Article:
Windsor·Q&A

Diving in with Jackie Buckingham, CEO of Canada Artistic Swimming

The 2019 UANA Pan American artistic swimming championships are in the pool this week at the Windsor International Aquatic and Training Centre.

'It's the acrobatic moves that continue to evolve and become more complex and spectacular'

Windsor Morning's Peter Duck spoke with Jackie Buckingham, the CEO of Canada Artistic Swimming for a deep dive on the sport and the event.  (Peter Duck/CBC)

The 2019 UANA Pan American artistic swimming championships are in the pool this week at the Windsor International Aquatic and Training Centre.

Windsor Morning's Peter Duck spoke with Jackie Buckingham, the CEO of Canada Artistic Swimming for a deep dive on the sport and the event. 

I wasn't sure what artistic swimming was when I heard this event was going on. What sport are we talking about here? 

The sport was formerly called synchronized swimming and changed its name in 2017. It's it's been an interesting transition, and for us as an organization led to an entire rebrand. So it's been very exciting.

What is artistic about this sport in your mind?

Well because it's a sport that combines art and sport like figure skating and gymnastics. There is a component of musical interpretation. There's definitely a performance component. But the nature of this sport, given its complexity and  the physicality demanded in order to participate ... it is the sort of perfect blend of sport and art. So the name is completely suitable.

What would you say artistic swimming is like today compared to 20, 50 or 100 years ago?

It's definitely more difficult. So the swimmers are just incredible ... the level of ability that they have and their continual ability to push the sport forward in terms of the level of complexity of the elements and the skills they're demonstrating underwater. 

It's the acrobatic moves that continue to evolve and become more complex and spectacular and I know that's what the audience loves to come and see.

What are the most common silly questions that you get about your sport?

I mean we often get questioned about how long they can hold their breath underwater. Most people are genuinely interested in in how they do it. A lot of time is spent upside down, so it's that sense of spatial awareness and the ability to sustain yourself in the water — legs out — a lot of the time. Truthfully, it's very difficult.

How well can the athletes hear the music when they're under the water?

We actually accommodate that by putting underwater speakers in the pool facility.

Why is it that the athletes smile so much? I just wonder if there are routines that have more dramatic or brooding choreography of music that convey a different range of emotions.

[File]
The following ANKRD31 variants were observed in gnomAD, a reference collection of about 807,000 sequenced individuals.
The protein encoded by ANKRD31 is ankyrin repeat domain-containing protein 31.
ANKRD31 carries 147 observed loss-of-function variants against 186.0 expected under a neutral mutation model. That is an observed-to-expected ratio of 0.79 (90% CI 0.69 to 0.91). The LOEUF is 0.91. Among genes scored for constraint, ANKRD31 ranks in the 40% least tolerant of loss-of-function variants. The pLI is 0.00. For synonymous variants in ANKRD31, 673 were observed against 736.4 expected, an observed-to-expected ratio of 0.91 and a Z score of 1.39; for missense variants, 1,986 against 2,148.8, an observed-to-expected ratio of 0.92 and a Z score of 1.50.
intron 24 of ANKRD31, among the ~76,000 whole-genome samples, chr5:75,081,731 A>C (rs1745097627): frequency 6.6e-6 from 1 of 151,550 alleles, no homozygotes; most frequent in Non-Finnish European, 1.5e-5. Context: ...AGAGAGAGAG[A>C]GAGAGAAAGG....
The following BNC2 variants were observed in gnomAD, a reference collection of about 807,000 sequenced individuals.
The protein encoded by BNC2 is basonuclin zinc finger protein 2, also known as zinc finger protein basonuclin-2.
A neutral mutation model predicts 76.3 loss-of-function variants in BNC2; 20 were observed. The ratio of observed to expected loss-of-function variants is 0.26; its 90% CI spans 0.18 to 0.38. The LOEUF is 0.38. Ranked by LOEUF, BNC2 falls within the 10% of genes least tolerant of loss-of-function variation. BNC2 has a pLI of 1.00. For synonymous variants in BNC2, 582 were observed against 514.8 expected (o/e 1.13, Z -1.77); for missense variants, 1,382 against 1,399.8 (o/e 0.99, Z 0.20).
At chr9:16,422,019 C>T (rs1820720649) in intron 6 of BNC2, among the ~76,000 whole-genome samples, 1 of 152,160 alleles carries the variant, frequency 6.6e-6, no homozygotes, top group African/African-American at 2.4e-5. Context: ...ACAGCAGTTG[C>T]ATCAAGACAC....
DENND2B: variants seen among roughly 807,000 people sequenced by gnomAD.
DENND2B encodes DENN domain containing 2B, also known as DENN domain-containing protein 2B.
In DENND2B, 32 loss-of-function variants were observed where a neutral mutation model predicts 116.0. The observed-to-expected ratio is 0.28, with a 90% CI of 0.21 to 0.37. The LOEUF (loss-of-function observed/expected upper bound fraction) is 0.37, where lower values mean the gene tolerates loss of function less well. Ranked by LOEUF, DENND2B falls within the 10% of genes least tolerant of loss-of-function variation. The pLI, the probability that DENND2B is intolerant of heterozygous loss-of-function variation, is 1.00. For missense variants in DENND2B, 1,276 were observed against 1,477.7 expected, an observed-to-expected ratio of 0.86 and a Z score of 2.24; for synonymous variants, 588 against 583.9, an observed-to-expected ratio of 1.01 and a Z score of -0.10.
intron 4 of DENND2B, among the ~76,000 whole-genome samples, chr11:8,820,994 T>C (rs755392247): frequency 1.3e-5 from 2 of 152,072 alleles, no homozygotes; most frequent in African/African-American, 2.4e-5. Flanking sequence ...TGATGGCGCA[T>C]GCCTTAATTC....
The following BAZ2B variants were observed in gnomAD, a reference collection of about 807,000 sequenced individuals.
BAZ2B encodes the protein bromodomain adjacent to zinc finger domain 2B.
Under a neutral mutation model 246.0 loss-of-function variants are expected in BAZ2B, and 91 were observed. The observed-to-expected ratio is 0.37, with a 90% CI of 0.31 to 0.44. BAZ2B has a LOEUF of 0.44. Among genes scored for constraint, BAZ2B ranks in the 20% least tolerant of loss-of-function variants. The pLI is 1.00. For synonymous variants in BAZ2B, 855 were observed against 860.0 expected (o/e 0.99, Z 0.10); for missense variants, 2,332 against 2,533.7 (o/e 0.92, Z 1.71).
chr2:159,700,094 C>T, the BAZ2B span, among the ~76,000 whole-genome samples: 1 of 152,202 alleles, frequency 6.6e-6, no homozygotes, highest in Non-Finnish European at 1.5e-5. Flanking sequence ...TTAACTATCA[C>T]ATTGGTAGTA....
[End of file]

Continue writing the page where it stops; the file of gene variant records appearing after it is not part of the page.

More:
As a presentation sport and as a judge sport, there is definitely a component of facial expression that's considered and it is supposed to reflect the mood of the routine. As the routines become more sophisticated the facial expressions tend to match. 

Why don't we see men competing in artistic swimming?

You will, more and more. It takes a little while for the countries to evolve because it has traditionally been a female-only sport. We have started a brand new program at the bottom of our program which is designed for five to nine year olds boys and girls to teach the basics of aquatic literacy.

This program, for us, will be the entry point for males who will eventually come through the sport and participate at the international level. We can definitely see in the future there could be teams of eight athletes, with four men and four women. So it's a little ways in the future but I think that's probably the direction we'll see the sport go next.

How healthy is the sport in Canada right now, in terms of the number of young people participating?

It's very stable. It's not a huge sport. .. it's a sport that attracts a certain clientele, particularly at the moment. Female athletes who have a gymnastics or potentially diving background, but it's it is definitely expanding in terms of what the future looks like. 

What are Canada's prospects at the highest level now heading into the 2020 Games.

There's no question the sport became really competitive when the additional European countries entered and there is a real strength in the sport now spread between Europe, Asia and North America. The competition is intense and fierce and that has driven the sport forward, so the athletes are responding by increasing the level of technical ability and it keeps pushing the sport forward.

From a spectator perspective this is a healthy thing for us. We've set our sights on the podium in 2024.

The 2019 UANA Pan American artistic swimming championships are in the pool this week at the Windsor International Aquatic and Training Centre. (Peter Duck/CBC)

Tell us about this event here in Windsor.

Windsor has this absolutely spectacular facility and the city is awesome to work with. We've really appreciated both Windsor tourism and the city folks themselves. It's just a lovely place to come. 

Is there much of a history of athletes from the Windsor area participating in artistic swimming?

We do not have a club in the Windsor area at the moment. It is definitely on our wish list.

What should people expect if they come out to watch this week?

Well it's it's exciting. These are younger athletes and they are amazingly talented. They're from nine different countries all in the Americas. The performances are great, the athletes are very entertaining. 

They're having fun, they're learning as they go and they're loving Windsor.

Interview content has been edited for clarity and length. 

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